Jimmy Savile: Recorded sex crimes up 9% since scandal

Jimmy Savile
Image caption One of the biggest rises was in West Yorkshire, where Savile used to live

The number of sexual offences recorded by police rose by more than 9% after revelations about Jimmy Savile emerged, figures obtained by the BBC show.

The statistics were provided to BBC Radio 5 live following a request under the Freedom of Information Act.

Separate research for the BBC suggests a number of the fresh allegations relate to claims of historical abuse.

The National Association of People Abused in Childhood said victims now felt more confident about speaking out.

The ITV documentary Exposure: The Other Side of Jimmy Savile was broadcast on 3 October 2012 and featured the accounts of five women who said they had been assaulted by the Jim'll Fix It presenter, who died in 2011.

In the six months following the broadcast, police recorded more than 33,000 sexual offences - a rise of 9.2% on the same period a year earlier.

There were increases in Scotland, Northern Ireland and in 32 of the 43 forces in England and Wales, with the biggest rises in Bedfordshire and West Yorkshire, where Savile used to live.

Scotland Yard launched Operation Yewtree in the wake of the revelations against Savile and others and 589 people have come forward with information relating to the investigation - 450 of those allege they were sexually abused by Savile.

A third strand of the operation concentrates on accusations unconnected to the Savile investigations but which emerged as a result of the publicity surrounding Savile.

Detective Superintendent Karena Thomas, the head of Bedfordshire Police's public protection unit, which saw the number of reported sex crimes leap by 92% from 173 cases in Oct 2011-Mar 2012 to 332 over the same period the following year, said: "While we recognise there has been a considerable increase in reported sexual offences, the actual number of crimes committed remains very small in comparison with overall crime.

"Changes to such small numbers creates significant percentage increases, however, and there are a number of reasons for this and it is important that we put the figures in some context.

"We have seen an increase of around 40% in historic sexual offences being reported, a result of publicity around Operation Yewtree."

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Media captionPeter Saunders of NAPAC tells 5 live: people now 'feel able to come forward'

In West Yorkshire, there was a 66% rise in recorded sexual offences - up from 938 offences in the six months to 1 April 2012, to 1,560 in the same period a year later.

West Yorkshire Police say 79 of the recorded crimes in the most recent period related to Savile, and he alone accounted for 12% of the rise.

Peter Saunders, chief executive of the National Association of People Abused in Childhood, says the government needs to provide more funding for specialist support services.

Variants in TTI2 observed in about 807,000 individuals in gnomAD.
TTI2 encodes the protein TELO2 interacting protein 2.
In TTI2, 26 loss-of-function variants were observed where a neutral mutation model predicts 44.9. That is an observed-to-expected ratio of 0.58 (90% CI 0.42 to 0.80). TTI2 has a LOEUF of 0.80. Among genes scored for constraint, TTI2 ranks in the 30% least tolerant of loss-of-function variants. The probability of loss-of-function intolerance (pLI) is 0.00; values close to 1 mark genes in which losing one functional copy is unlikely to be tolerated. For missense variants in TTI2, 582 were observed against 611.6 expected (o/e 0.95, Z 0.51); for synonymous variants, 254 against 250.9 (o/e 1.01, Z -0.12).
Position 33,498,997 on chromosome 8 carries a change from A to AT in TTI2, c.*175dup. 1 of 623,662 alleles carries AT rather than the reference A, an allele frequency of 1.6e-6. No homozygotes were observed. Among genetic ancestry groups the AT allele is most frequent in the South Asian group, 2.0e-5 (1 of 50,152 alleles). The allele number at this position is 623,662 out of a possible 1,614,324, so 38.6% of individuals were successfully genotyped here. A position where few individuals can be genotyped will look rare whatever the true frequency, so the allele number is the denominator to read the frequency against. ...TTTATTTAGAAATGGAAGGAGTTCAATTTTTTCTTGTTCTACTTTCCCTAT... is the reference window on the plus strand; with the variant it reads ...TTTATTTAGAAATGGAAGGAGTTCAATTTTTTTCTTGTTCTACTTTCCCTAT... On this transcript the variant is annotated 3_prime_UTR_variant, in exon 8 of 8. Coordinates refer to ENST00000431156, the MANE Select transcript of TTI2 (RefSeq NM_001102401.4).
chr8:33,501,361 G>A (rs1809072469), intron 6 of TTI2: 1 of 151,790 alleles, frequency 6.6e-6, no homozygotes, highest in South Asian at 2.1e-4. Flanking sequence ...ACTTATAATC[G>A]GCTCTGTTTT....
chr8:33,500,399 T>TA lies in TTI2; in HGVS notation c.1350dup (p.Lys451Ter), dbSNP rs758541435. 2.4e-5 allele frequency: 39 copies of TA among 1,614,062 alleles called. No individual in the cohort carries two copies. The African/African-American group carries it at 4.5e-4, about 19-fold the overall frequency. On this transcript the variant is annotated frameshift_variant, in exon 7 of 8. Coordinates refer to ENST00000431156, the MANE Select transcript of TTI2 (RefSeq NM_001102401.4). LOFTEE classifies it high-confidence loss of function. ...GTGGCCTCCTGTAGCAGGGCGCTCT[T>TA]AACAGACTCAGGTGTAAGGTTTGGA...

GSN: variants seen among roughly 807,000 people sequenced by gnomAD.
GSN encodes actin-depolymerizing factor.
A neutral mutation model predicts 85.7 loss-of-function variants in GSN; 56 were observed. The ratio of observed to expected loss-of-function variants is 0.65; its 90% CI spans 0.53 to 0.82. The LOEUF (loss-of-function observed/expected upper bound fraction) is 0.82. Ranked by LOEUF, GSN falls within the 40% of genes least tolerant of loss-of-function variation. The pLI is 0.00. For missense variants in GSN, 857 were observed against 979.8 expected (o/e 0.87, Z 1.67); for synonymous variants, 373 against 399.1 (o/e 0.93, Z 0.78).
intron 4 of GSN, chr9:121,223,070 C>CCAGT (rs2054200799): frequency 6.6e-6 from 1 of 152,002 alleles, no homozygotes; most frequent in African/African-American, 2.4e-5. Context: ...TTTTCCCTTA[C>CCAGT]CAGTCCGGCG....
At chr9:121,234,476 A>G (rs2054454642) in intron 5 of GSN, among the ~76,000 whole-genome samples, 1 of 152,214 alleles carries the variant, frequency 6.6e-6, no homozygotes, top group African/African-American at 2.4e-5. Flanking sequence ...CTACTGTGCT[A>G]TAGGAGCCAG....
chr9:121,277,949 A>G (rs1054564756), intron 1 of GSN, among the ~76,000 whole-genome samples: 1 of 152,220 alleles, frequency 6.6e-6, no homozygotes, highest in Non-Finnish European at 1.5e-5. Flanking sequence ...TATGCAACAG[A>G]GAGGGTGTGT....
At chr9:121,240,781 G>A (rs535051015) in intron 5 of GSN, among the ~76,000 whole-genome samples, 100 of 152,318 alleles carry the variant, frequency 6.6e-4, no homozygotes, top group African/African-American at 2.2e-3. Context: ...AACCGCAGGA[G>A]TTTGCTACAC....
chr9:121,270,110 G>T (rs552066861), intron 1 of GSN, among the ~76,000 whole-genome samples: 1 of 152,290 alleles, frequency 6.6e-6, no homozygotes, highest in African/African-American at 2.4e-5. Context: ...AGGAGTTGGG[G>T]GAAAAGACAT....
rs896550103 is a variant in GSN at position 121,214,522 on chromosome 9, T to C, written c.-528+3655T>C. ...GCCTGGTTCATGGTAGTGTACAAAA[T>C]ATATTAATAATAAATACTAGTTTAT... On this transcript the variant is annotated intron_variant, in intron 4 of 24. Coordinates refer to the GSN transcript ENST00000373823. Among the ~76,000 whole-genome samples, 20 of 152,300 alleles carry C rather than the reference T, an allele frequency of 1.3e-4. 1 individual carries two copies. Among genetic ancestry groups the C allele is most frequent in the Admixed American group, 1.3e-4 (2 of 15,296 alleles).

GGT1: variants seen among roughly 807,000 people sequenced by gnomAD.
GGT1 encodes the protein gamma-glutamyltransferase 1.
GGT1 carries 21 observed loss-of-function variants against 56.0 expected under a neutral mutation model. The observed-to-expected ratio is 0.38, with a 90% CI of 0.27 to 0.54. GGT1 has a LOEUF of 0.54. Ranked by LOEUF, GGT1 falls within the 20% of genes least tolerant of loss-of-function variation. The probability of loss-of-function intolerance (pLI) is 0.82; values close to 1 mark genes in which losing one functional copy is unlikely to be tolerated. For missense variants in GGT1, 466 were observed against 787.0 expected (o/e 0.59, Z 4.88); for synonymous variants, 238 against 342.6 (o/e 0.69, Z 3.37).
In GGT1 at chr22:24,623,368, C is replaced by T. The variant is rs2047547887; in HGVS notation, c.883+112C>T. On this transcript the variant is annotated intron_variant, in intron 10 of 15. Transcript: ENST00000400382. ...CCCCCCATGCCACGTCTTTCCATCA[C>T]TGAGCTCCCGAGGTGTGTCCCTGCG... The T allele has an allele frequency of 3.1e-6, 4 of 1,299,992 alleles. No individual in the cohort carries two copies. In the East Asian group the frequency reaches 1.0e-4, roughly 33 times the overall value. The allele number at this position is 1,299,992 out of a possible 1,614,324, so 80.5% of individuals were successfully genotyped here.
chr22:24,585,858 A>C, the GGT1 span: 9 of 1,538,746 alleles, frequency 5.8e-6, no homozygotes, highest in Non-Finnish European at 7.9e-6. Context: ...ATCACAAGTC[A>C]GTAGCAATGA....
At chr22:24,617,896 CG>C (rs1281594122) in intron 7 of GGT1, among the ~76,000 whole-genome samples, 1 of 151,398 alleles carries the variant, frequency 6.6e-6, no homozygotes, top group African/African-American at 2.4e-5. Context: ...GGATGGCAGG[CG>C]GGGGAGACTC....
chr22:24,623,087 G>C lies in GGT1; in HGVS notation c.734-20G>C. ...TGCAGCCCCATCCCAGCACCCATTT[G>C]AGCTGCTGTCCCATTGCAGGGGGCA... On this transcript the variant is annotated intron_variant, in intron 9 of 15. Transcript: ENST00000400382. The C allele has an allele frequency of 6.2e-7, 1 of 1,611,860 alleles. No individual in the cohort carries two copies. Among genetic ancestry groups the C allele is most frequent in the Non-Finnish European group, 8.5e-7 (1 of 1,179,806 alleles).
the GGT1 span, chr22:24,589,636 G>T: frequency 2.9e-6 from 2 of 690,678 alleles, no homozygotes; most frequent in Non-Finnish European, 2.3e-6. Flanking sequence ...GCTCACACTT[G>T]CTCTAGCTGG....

He told BBC Radio 5 live: "It's great that survivors have been given more confidence to come forward and report these crimes. But coming forward has a massive impact on lives, and there urgently needs to be more support for those people.

"Our organisation is lottery funded and there is no specific central funding stream for victims of childhood sexual abuse. The government needs to step in."

Policing and criminal justice minister Damian Green said a new Home Office-led group would look at how to better identify children at risk and create a more "victim-focused culture" in the police, health and children's services.

"It is vital that we learn the lessons from past and current cases to ensure victims are not left to suffer in silence," he said.

Sue was abused by her stepfather between the ages of eight and 15.

Image caption Stuart Hall was jailed for 15 months recently for offences against girls between 1967 and 1985

He has been in prison since 1999 after being convicted of raping and indecently assaulting her.

She says: "There's been a massive upturn in people coming forward and speaking out. This is a huge problem, and has been a taboo subject for decades. People have swept it under the carpet, nobody wanted to talk about child abuse because it's the worst crime. Now everyone's talking about it.

"You're groomed into thinking you'll never be believed, and that never goes away. That's why it's so difficult for people to come forward.

"But when other people come forward it gives others the confidence to think police will take it seriously."

Steve Williams, national chairman of the Police Federation, says: "The figures show that people feel more confident to come forward and report sexual offences to the police. Clearly there's been an increase in reported sexual offences after the Jimmy Savile affair.

"The government and the police and crime commissioners need to be very conscious that we need to invest resources properly into dealing with such serious matters."

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